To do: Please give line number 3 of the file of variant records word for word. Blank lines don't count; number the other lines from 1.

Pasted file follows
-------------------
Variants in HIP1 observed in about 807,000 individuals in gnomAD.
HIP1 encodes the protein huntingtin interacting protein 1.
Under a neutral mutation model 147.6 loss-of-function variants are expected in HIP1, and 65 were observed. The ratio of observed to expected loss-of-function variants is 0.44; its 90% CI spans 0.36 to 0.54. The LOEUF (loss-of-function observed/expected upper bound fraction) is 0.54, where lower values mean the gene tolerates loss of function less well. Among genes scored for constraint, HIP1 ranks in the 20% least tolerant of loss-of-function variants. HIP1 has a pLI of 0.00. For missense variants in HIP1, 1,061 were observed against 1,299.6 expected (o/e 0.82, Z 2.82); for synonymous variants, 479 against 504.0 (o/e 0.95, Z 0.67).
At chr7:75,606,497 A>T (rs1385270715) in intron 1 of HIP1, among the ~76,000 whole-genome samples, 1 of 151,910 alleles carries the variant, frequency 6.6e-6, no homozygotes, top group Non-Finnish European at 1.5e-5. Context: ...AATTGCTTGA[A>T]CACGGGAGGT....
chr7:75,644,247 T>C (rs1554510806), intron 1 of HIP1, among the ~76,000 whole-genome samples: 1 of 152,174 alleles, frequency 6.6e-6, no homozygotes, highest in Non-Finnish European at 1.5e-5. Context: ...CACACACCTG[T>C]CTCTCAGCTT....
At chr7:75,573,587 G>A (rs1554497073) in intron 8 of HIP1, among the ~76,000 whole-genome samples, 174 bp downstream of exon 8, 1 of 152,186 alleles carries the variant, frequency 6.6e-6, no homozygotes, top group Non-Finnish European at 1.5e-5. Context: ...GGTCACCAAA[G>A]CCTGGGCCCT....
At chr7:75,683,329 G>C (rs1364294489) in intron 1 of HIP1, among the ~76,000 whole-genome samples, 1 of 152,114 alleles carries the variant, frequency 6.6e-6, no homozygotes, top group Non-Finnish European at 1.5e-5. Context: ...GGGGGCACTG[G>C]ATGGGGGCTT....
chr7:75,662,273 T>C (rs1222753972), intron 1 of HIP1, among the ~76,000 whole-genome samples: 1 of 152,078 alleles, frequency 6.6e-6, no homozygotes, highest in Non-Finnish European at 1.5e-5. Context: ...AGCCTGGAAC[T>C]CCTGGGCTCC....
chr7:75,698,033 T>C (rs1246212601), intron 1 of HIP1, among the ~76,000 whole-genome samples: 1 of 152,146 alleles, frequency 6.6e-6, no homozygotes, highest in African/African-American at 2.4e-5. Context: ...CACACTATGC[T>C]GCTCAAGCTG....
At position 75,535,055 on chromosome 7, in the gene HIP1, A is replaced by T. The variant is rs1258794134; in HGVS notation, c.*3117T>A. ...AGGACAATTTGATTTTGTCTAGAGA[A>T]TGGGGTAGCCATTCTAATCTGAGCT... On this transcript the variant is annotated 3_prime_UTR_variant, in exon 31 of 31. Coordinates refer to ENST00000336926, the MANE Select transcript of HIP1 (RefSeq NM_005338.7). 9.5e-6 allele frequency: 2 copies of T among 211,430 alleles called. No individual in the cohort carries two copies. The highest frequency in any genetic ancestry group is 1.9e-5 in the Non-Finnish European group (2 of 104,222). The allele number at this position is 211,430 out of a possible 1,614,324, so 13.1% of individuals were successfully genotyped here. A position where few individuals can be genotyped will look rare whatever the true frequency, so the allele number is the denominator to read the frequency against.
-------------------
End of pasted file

Under a neutral mutation model 147.6 loss-of-function variants are expected in HIP1, and 65 were observed. The ratio of observed to expected loss-of-function variants is 0.44; its 90% CI spans 0.36 to 0.54. The LOEUF (loss-of-function observed/expected upper bound fraction) is 0.54, where lower values mean the gene tolerates loss of function less well. Among genes scored for constraint, HIP1 ranks in the 20% least tolerant of loss-of-function variants. HIP1 has a pLI of 0.00. For missense variants in HIP1, 1,061 were observed against 1,299.6 expected (o/e 0.82, Z 2.82); for synonymous variants, 479 against 504.0 (o/e 0.95, Z 0.67).